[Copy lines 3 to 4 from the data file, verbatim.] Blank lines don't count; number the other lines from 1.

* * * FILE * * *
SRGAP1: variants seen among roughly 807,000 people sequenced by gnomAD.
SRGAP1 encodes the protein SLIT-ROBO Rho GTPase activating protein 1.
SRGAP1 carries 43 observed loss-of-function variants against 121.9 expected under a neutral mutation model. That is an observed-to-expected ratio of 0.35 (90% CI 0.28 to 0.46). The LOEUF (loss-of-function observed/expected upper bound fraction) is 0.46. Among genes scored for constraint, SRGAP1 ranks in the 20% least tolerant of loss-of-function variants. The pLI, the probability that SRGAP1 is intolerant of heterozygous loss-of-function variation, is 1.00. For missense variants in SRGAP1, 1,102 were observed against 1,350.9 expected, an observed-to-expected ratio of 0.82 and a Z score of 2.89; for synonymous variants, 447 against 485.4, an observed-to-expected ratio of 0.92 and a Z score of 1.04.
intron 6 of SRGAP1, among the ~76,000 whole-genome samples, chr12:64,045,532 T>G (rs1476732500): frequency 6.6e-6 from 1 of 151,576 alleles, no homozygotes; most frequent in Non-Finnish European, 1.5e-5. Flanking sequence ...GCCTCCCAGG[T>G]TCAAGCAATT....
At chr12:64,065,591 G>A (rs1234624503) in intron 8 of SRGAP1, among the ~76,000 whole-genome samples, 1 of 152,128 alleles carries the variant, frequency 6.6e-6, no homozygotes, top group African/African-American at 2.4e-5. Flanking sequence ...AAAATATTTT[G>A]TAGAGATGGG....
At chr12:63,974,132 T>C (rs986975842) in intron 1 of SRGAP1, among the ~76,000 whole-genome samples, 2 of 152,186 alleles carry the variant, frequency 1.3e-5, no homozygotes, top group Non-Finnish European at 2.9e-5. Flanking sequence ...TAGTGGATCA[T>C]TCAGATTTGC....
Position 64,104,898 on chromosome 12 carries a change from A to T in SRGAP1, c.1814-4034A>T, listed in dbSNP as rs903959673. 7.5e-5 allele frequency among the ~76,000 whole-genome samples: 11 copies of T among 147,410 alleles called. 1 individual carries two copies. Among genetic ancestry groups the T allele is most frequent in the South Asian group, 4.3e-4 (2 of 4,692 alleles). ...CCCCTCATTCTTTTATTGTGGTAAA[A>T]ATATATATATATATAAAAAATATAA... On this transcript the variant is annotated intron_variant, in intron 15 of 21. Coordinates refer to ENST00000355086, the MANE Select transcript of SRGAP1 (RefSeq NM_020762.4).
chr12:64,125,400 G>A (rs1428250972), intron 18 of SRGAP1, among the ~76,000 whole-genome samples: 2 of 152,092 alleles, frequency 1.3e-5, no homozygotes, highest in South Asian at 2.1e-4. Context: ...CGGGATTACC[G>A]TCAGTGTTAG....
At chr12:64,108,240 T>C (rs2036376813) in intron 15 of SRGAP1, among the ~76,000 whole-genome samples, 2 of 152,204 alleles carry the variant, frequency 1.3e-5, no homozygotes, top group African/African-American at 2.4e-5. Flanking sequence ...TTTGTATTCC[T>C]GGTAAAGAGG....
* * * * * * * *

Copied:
SRGAP1 carries 43 observed loss-of-function variants against 121.9 expected under a neutral mutation model. That is an observed-to-expected ratio of 0.35 (90% CI 0.28 to 0.46). The LOEUF (loss-of-function observed/expected upper bound fraction) is 0.46. Among genes scored for constraint, SRGAP1 ranks in the 20% least tolerant of loss-of-function variants. The pLI, the probability that SRGAP1 is intolerant of heterozygous loss-of-function variation, is 1.00. For missense variants in SRGAP1, 1,102 were observed against 1,350.9 expected, an observed-to-expected ratio of 0.82 and a Z score of 2.89; for synonymous variants, 447 against 485.4, an observed-to-expected ratio of 0.92 and a Z score of 1.04.
intron 6 of SRGAP1, among the ~76,000 whole-genome samples, chr12:64,045,532 T>G (rs1476732500): frequency 6.6e-6 from 1 of 151,576 alleles, no homozygotes; most frequent in Non-Finnish European, 1.5e-5. Flanking sequence ...GCCTCCCAGG[T>G]TCAAGCAATT....